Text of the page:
The last thing most Fall fans expected the group to do in 1988 was provide music for a ballet, but in fact this is what they did. Of course, it helped that the Michael Clark company of dancers were some of the most avant-garde at the time in Britain and were inspired originally by the Fall's "Hey! Luciani" single. The concept, very loosely, centers around William and Mary of Orange, and finds Smith arranging William Blake's "Jerusalem" for the band, adding his own lyrics ("It was the fault of the government," providing ironic contrast to the self-sufficiency espoused in Blake). As a cohesive Fall album it fails: The strongest tracks are those that have little to do with the ballet (and are available elsewhere). "New Big Prinz" updates their own "Hip Priest" into one of their heaviest tracks, full of threat and wonder. "Cab It Up!" features all forward momentum and jingling keyboards. For the first time tracks felt like filler, and indeed they were. The CD booklet contains photographs from the performance full of giant pop-art hamburgers and cans of baked beans, suggesting I Am Kurios Oranj would have been more interesting to see than hear.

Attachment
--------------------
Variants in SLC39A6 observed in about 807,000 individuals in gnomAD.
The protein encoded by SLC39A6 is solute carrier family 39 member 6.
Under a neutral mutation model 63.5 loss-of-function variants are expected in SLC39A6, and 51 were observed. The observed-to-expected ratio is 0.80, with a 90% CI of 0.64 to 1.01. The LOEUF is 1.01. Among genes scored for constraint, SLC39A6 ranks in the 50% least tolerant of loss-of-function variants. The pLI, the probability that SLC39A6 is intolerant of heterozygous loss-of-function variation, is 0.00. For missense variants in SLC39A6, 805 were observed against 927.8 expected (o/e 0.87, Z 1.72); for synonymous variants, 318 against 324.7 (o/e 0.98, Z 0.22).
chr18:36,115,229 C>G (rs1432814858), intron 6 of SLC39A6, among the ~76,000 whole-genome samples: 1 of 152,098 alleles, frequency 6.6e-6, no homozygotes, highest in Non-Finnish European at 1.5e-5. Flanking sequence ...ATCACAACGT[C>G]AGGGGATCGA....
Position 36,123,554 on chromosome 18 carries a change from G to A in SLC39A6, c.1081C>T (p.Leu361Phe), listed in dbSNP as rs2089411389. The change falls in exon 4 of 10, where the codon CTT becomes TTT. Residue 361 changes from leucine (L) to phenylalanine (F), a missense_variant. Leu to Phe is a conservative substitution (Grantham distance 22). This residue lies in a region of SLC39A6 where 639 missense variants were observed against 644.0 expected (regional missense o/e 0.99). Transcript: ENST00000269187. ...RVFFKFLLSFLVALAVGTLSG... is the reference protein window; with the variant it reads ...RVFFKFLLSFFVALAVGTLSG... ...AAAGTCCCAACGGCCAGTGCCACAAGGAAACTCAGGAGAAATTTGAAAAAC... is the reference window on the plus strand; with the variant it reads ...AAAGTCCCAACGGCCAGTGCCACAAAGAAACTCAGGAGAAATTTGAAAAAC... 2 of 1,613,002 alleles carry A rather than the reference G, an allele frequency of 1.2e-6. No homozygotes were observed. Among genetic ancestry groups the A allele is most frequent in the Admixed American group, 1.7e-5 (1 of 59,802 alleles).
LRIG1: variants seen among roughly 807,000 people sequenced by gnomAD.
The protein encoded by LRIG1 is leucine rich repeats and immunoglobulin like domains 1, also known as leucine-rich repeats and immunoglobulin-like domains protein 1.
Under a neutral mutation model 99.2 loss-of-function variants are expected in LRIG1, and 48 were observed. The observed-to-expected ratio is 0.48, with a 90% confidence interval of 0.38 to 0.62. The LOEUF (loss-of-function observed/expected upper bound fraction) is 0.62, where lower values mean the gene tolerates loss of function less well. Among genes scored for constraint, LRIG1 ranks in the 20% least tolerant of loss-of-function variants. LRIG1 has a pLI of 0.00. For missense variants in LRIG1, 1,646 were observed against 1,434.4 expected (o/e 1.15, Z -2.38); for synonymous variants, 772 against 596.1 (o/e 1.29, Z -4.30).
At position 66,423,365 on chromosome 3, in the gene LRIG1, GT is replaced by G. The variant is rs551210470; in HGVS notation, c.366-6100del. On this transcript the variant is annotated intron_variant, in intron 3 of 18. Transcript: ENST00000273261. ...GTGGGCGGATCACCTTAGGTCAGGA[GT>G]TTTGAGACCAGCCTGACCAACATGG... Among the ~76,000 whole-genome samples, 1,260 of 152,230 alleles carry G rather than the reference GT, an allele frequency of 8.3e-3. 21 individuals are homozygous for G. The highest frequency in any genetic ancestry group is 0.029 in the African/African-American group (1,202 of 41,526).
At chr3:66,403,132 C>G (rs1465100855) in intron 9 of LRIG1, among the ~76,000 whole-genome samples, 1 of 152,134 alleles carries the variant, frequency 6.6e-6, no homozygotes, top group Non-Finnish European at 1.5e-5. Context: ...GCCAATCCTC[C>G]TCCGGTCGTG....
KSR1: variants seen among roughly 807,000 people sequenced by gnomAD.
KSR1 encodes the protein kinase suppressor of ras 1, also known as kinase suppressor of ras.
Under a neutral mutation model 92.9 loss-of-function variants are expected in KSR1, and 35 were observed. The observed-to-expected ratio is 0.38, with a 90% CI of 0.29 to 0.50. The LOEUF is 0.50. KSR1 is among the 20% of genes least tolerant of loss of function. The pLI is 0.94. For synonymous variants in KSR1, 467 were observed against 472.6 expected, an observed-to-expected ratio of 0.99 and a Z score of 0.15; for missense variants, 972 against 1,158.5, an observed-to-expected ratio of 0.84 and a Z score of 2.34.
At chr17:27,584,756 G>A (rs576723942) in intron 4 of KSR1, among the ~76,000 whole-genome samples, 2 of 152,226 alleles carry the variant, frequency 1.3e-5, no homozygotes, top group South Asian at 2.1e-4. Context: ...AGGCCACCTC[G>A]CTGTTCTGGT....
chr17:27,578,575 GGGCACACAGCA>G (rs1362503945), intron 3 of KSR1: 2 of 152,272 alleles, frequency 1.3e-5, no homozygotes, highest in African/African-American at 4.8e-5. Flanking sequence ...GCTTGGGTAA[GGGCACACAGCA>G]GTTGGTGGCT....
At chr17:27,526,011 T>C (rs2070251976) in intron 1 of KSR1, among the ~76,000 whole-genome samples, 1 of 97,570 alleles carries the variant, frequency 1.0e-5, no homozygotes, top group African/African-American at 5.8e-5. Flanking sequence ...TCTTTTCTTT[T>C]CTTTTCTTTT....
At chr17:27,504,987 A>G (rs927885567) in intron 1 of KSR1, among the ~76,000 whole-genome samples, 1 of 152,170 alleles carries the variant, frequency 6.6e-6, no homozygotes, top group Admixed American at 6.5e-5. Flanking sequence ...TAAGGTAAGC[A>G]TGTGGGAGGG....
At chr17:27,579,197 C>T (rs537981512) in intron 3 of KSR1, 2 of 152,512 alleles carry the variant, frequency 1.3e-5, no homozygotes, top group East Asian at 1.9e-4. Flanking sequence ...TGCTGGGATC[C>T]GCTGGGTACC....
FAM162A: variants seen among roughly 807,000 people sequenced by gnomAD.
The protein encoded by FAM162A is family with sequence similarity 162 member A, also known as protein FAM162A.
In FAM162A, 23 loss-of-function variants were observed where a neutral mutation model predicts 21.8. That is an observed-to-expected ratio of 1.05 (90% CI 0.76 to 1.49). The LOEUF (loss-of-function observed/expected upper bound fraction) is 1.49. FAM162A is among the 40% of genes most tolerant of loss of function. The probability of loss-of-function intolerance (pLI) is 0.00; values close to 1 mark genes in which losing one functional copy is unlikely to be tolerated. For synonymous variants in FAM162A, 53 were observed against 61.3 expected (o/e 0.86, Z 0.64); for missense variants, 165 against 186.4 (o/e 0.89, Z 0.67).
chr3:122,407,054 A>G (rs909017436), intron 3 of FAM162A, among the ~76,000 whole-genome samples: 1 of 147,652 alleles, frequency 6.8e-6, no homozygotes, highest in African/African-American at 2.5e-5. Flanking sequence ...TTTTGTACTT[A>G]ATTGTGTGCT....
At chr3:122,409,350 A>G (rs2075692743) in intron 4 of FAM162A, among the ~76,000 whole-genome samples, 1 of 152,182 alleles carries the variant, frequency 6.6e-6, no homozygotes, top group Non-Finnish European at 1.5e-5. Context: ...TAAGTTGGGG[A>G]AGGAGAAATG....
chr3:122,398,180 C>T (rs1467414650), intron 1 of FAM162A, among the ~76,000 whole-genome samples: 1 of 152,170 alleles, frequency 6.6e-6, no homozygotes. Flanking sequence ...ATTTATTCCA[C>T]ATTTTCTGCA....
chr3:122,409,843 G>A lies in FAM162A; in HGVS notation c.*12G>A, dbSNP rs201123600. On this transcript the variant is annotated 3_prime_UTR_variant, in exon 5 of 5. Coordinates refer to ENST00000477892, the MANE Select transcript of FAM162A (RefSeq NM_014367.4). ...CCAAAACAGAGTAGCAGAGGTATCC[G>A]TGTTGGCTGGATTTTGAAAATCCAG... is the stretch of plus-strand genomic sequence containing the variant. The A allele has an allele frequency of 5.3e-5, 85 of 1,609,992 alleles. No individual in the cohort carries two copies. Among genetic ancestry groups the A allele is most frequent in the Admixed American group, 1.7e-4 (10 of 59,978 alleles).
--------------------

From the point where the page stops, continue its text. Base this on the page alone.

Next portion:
Punk may have been the initial spark for the Fall, but by 1983 they had made it clear that whatever trend was next was not for them. Brix Smith made her debut with the band on Perverted by Language, helping to introduce the slightly more pop-friendly era of the group with another fine album. She takes lead vocals at various points throughout, notably "Hotel Bloedel," while her husband plays violin and adds extra spoken word thoughts along the way. The hints of strange beauty that the Fall can sometimes let into its world appear here more than once -- whether it's Brix's influence or not isn't clear, and why not? "Garden" still hits hard while using a softer chime at its heart, while "Hexen Definitive" is almost a country (and western) stroll. Even for all the slightly more accessible touches for a wider audience, the Fall remain the Fall. "Smile" shows the band's abilities at tense audio drama excellently, a relentless, steady build with the Steve and Paul Hanley and Karl Burns rhythm section leading the way, winding up to a total explosion that never comes. Smith's increasingly frenetic vocals match the looming dread of the track to a T. "Neighbourhood of Infinity," notable for its appearance on Palace of Swords Reversed, crops up here in a studio take, again a sequel of sorts to "The Man Whose Head Expanded." Musically it hits its own stride, another of the many motorik-tinged tunes that helped give the Fall its own particular edge ("I Feel Voxish" also fills that bill, and quite well at that). "Eat Y'Self Fitter," touching on everything from meeting heroes (maybe) to returning late rental videos, makes for a great start to things, an endlessly cycling rockabilly chug with extra keyboard oddities and sudden music-less exchanges for the chorus.